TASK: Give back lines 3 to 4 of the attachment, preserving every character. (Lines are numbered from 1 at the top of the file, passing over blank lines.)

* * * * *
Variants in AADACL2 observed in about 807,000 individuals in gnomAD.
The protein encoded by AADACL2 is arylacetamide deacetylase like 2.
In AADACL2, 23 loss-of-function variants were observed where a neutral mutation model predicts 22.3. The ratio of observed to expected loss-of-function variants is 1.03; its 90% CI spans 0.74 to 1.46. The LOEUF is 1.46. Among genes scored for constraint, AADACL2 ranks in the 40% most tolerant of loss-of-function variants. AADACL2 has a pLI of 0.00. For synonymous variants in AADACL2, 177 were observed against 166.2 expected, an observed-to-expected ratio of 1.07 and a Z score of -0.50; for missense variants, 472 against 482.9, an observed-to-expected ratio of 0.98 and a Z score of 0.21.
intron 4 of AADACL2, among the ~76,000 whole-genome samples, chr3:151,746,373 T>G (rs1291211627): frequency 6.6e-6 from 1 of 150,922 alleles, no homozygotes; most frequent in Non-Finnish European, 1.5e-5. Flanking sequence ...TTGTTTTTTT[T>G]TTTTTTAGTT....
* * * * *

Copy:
In AADACL2, 23 loss-of-function variants were observed where a neutral mutation model predicts 22.3. The ratio of observed to expected loss-of-function variants is 1.03; its 90% CI spans 0.74 to 1.46. The LOEUF is 1.46. Among genes scored for constraint, AADACL2 ranks in the 40% most tolerant of loss-of-function variants. AADACL2 has a pLI of 0.00. For synonymous variants in AADACL2, 177 were observed against 166.2 expected, an observed-to-expected ratio of 1.07 and a Z score of -0.50; for missense variants, 472 against 482.9, an observed-to-expected ratio of 0.98 and a Z score of 0.21.
intron 4 of AADACL2, among the ~76,000 whole-genome samples, chr3:151,746,373 T>G (rs1291211627): frequency 6.6e-6 from 1 of 150,922 alleles, no homozygotes; most frequent in Non-Finnish European, 1.5e-5. Flanking sequence ...TTGTTTTTTT[T>G]TTTTTTAGTT....